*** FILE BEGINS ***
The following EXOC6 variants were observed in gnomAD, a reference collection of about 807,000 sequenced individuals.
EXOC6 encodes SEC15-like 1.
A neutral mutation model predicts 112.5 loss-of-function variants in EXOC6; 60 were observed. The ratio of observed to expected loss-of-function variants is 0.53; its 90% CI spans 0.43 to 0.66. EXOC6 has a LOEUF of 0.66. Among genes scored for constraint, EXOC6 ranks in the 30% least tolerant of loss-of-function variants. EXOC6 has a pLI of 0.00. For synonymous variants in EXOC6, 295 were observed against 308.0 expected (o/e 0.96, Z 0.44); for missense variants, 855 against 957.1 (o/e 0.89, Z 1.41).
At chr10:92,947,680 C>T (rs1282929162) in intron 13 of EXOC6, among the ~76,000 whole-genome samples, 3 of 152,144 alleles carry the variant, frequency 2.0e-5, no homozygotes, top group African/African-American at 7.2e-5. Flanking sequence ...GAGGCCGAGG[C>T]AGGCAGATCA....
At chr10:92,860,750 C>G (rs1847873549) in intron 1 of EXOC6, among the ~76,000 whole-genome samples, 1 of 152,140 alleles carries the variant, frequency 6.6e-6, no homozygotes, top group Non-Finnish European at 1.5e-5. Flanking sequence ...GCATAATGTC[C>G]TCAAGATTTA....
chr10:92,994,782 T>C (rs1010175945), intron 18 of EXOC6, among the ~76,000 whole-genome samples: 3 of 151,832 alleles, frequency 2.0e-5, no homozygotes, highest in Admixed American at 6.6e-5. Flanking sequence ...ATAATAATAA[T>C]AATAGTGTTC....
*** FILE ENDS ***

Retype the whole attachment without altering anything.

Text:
The following EXOC6 variants were observed in gnomAD, a reference collection of about 807,000 sequenced individuals.
EXOC6 encodes SEC15-like 1.
A neutral mutation model predicts 112.5 loss-of-function variants in EXOC6; 60 were observed. The ratio of observed to expected loss-of-function variants is 0.53; its 90% CI spans 0.43 to 0.66. EXOC6 has a LOEUF of 0.66. Among genes scored for constraint, EXOC6 ranks in the 30% least tolerant of loss-of-function variants. EXOC6 has a pLI of 0.00. For synonymous variants in EXOC6, 295 were observed against 308.0 expected (o/e 0.96, Z 0.44); for missense variants, 855 against 957.1 (o/e 0.89, Z 1.41).
At chr10:92,947,680 C>T (rs1282929162) in intron 13 of EXOC6, among the ~76,000 whole-genome samples, 3 of 152,144 alleles carry the variant, frequency 2.0e-5, no homozygotes, top group African/African-American at 7.2e-5. Flanking sequence ...GAGGCCGAGG[C>T]AGGCAGATCA....
At chr10:92,860,750 C>G (rs1847873549) in intron 1 of EXOC6, among the ~76,000 whole-genome samples, 1 of 152,140 alleles carries the variant, frequency 6.6e-6, no homozygotes, top group Non-Finnish European at 1.5e-5. Flanking sequence ...GCATAATGTC[C>G]TCAAGATTTA....
chr10:92,994,782 T>C (rs1010175945), intron 18 of EXOC6, among the ~76,000 whole-genome samples: 3 of 151,832 alleles, frequency 2.0e-5, no homozygotes, highest in Admixed American at 6.6e-5. Flanking sequence ...ATAATAATAA[T>C]AATAGTGTTC....